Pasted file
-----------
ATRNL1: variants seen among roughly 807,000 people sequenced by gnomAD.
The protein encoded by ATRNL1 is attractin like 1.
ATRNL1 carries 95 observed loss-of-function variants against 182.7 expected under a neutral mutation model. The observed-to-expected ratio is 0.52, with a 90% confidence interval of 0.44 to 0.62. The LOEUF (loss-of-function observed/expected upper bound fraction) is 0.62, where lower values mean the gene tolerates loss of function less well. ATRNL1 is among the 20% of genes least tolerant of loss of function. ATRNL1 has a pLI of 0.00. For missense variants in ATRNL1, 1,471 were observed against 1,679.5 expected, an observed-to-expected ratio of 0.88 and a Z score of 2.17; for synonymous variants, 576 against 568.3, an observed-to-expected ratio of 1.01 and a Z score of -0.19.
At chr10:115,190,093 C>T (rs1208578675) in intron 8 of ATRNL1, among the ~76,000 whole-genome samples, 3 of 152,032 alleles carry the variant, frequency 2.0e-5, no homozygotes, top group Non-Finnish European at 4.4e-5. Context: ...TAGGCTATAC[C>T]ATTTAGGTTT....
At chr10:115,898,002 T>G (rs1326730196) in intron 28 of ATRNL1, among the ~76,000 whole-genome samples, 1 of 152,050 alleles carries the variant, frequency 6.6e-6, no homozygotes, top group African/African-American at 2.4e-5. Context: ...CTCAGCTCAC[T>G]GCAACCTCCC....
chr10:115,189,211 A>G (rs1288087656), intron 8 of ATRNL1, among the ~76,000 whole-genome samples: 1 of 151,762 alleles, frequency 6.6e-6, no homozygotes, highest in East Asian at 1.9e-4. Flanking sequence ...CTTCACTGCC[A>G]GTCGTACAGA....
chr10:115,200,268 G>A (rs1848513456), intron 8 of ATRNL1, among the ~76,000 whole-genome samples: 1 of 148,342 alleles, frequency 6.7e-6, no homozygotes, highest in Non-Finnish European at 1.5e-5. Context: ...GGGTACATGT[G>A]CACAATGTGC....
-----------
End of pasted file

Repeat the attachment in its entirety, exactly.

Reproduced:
ATRNL1: variants seen among roughly 807,000 people sequenced by gnomAD.
The protein encoded by ATRNL1 is attractin like 1.
ATRNL1 carries 95 observed loss-of-function variants against 182.7 expected under a neutral mutation model. The observed-to-expected ratio is 0.52, with a 90% confidence interval of 0.44 to 0.62. The LOEUF (loss-of-function observed/expected upper bound fraction) is 0.62, where lower values mean the gene tolerates loss of function less well. ATRNL1 is among the 20% of genes least tolerant of loss of function. ATRNL1 has a pLI of 0.00. For missense variants in ATRNL1, 1,471 were observed against 1,679.5 expected, an observed-to-expected ratio of 0.88 and a Z score of 2.17; for synonymous variants, 576 against 568.3, an observed-to-expected ratio of 1.01 and a Z score of -0.19.
At chr10:115,190,093 C>T (rs1208578675) in intron 8 of ATRNL1, among the ~76,000 whole-genome samples, 3 of 152,032 alleles carry the variant, frequency 2.0e-5, no homozygotes, top group Non-Finnish European at 4.4e-5. Context: ...TAGGCTATAC[C>T]ATTTAGGTTT....
At chr10:115,898,002 T>G (rs1326730196) in intron 28 of ATRNL1, among the ~76,000 whole-genome samples, 1 of 152,050 alleles carries the variant, frequency 6.6e-6, no homozygotes, top group African/African-American at 2.4e-5. Context: ...CTCAGCTCAC[T>G]GCAACCTCCC....
chr10:115,189,211 A>G (rs1288087656), intron 8 of ATRNL1, among the ~76,000 whole-genome samples: 1 of 151,762 alleles, frequency 6.6e-6, no homozygotes, highest in East Asian at 1.9e-4. Flanking sequence ...CTTCACTGCC[A>G]GTCGTACAGA....
chr10:115,200,268 G>A (rs1848513456), intron 8 of ATRNL1, among the ~76,000 whole-genome samples: 1 of 148,342 alleles, frequency 6.7e-6, no homozygotes, highest in Non-Finnish European at 1.5e-5. Context: ...GGGTACATGT[G>A]CACAATGTGC....